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Lake Victoria's Nile Perch Boom: A Decade Ago, Nile Perch Was Only Caught on Lake Victoria for Domestic Consumption, but Today It Is in Heavy Demand in European and Asian Countries. (Countryfile: Tanzania)

By Mgamba, Richard | African Business, June 2003 | Go to article overview

Lake Victoria's Nile Perch Boom: A Decade Ago, Nile Perch Was Only Caught on Lake Victoria for Domestic Consumption, but Today It Is in Heavy Demand in European and Asian Countries. (Countryfile: Tanzania)


Mgamba, Richard, African Business


Every week, about five cargo planes from Ukraine, Holland and Belgium land at the Mwanza airport, on the southern shores of Lake Victoria, to carry an estimated 400t of fresh Nile perch fillets to European and Asian countries. These heavy cargo aircrafts reflect the rapid growth of fish processing plants in Tanzania's Lake Victoria region where the export of Nile perch fillets has been taking place for a decade now.

According to available statistics from the Lake Victoria Fish Processors Association of Tanzania, over the past decade, production of fresh Nile perch has increased more than fivefold: from 40,000t a year in 1990 to about 220,000t in 2001. In 1992, there were only two fish processing plants in Mwanza. Today the number has grown to 12 but by the end of this year there will be two more fishing plants in Bukoba on Lake Victoria's western shore.

Every year the exportation of Nile perch fillet and other related products earns the country about $90m, representing 15% of the country's foreign exchange earnings. Industry players says that if well managed, Tanzania's Nile perch exports can reach about $120m a year. The fishing sector earned neighbouring Uganda $87m last year, or 14% of the country's foreign exchange earnings. Tanzania and Uganda control 94% of Lake Victoria's waters, the rest is owned by Kenya.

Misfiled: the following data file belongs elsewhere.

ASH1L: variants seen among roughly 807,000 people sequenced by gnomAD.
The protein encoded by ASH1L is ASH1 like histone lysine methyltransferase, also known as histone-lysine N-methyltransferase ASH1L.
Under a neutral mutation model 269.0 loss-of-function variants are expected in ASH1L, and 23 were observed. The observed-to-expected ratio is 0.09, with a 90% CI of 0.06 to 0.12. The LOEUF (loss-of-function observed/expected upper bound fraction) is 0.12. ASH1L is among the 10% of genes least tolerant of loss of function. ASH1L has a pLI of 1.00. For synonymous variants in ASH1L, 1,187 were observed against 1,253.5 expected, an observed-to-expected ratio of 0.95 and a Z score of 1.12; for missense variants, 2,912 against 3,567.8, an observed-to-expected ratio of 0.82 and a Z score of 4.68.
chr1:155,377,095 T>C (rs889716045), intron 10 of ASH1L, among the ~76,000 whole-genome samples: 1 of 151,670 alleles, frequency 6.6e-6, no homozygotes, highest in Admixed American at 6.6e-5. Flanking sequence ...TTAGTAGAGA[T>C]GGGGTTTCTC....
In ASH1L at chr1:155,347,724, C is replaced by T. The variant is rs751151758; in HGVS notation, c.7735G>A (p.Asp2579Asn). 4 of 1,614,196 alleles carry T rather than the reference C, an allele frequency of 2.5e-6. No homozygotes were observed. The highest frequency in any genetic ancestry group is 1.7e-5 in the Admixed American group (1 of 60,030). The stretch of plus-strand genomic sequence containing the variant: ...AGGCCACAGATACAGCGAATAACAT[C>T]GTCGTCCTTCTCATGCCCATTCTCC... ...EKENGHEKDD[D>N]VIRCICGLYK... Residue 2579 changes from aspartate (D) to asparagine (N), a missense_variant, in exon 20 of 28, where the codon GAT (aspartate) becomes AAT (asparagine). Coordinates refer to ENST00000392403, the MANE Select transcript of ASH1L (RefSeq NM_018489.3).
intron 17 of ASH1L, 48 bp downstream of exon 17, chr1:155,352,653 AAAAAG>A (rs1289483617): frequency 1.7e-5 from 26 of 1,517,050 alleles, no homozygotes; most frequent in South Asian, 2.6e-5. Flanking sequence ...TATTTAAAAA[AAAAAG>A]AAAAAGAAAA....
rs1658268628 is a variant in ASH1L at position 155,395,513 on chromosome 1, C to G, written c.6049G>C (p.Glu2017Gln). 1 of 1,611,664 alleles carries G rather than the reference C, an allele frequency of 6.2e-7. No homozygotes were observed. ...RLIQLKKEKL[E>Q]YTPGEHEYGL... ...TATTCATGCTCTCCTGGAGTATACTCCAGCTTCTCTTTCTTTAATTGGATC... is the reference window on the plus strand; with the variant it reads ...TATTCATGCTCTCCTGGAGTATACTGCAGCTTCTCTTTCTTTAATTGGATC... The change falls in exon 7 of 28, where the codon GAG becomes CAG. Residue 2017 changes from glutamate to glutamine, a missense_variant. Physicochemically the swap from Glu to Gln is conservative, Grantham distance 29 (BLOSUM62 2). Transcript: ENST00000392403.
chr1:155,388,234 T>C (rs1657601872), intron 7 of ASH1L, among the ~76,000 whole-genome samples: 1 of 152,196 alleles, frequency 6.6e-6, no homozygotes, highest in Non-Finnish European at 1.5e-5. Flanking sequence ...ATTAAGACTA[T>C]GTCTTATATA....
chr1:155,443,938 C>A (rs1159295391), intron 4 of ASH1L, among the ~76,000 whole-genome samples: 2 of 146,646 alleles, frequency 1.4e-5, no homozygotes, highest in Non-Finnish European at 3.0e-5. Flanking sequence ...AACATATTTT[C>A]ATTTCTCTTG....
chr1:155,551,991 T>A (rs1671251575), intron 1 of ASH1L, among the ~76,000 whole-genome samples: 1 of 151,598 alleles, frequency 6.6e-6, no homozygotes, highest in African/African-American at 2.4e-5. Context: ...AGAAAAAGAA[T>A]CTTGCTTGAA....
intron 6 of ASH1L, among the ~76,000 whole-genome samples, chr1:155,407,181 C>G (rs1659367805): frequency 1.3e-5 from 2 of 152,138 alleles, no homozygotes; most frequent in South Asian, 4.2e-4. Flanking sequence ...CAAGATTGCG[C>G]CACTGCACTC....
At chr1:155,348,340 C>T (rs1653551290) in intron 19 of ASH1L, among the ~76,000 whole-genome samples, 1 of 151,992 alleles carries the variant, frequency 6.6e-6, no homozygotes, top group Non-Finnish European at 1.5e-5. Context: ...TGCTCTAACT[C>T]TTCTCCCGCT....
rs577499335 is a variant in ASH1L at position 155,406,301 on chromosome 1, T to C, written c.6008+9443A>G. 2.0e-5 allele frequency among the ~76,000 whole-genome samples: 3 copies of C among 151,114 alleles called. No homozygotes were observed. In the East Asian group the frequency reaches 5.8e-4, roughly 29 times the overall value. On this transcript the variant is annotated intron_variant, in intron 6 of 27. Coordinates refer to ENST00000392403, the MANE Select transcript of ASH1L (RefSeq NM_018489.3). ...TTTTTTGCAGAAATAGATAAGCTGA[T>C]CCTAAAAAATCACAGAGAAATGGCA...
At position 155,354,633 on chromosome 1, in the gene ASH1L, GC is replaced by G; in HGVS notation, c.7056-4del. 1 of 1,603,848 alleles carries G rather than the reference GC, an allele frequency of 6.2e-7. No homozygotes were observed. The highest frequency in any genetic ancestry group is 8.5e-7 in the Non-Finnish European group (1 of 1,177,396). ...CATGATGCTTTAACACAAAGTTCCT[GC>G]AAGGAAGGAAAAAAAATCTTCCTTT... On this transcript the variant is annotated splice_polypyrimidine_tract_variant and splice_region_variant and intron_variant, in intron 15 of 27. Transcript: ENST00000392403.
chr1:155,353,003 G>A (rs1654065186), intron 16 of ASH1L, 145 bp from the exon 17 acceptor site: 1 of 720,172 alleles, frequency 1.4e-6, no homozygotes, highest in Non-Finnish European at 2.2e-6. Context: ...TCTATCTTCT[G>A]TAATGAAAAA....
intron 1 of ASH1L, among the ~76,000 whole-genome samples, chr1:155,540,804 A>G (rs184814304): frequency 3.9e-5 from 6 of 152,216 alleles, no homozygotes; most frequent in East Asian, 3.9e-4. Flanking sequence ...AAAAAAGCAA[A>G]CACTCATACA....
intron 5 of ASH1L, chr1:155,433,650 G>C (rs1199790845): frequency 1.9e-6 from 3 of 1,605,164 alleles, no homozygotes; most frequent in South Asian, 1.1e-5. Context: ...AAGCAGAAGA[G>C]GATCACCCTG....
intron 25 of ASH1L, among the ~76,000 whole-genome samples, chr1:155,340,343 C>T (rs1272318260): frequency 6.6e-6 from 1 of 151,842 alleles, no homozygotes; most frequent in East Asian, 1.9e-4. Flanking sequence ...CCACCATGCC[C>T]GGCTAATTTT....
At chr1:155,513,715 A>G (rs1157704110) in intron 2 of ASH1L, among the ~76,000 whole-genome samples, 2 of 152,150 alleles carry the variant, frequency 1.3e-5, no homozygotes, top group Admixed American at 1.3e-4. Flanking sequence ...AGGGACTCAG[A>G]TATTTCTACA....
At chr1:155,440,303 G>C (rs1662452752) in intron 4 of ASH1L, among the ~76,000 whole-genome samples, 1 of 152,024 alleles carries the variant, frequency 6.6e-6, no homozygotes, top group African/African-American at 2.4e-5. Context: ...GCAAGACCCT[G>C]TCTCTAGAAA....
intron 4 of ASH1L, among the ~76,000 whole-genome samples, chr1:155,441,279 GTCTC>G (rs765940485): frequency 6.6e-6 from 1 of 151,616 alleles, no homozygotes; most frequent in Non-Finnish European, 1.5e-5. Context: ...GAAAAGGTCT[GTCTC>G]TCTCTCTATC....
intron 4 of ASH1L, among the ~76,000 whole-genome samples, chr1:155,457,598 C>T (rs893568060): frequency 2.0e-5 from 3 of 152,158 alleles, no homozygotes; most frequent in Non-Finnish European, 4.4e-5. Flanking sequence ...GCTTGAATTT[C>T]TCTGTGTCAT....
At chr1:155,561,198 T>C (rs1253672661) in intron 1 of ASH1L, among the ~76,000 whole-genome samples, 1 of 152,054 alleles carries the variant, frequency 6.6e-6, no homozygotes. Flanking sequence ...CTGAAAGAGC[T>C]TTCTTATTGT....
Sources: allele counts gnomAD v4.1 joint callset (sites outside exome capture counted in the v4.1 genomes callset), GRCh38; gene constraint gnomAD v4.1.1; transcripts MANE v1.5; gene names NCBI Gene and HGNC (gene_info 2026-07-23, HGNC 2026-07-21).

"What's needed is to create sustainable fishing on Lake Victoria and take stern measures to ensure that no fresh Nile perch is smuggled through neighbouring countries" says Arko Bhagat, the chairman of the Lake Victoria Fish Processors Association of Tanzania.

Kithano Chacha, a leading fish trader in Mwanza, started as a small-scale fisherman with one boat 15 years ago. Today he owns about 500 boats plus a number of cargo, passengers and fishing ships under his umbrella company Mkombozi Fishing and Marine Services. He describes the Nile perch as the savior of Lake Victoria's economy, where it has directly and indirectly benefited about four million people. "Back then", says Chacha "nobody thought that Nile perch would one day become so highly prized on export markets abroad."

NILE PERCH NOW GLOBAL FOOD

What was once just consumed locally has today become a global food. Due to the Nile perch's growing popularity overseas, it is increasingly difficult for local people to afford it. In European and Asian countries, the consumption of red meat has gone down because of the health hazards attributed to it, paving the way for a rise in demand for white meat, particularly seafood. Five cargo aircraft fly into Mwanza's airport every week to carry fish fillets and other products to Maastrich in Holland, Brussels in Belgium and some Asian countries which also consume the Nile perch. It is an example of how a process of globalisation has taken place throughout East Africa's fishing industries.

The true value of Nile perch can be illustrated by the thousands of fishing camps located on various islands of Lake Victoria.

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Lake Victoria's Nile Perch Boom: A Decade Ago, Nile Perch Was Only Caught on Lake Victoria for Domestic Consumption, but Today It Is in Heavy Demand in European and Asian Countries. (Countryfile: Tanzania)
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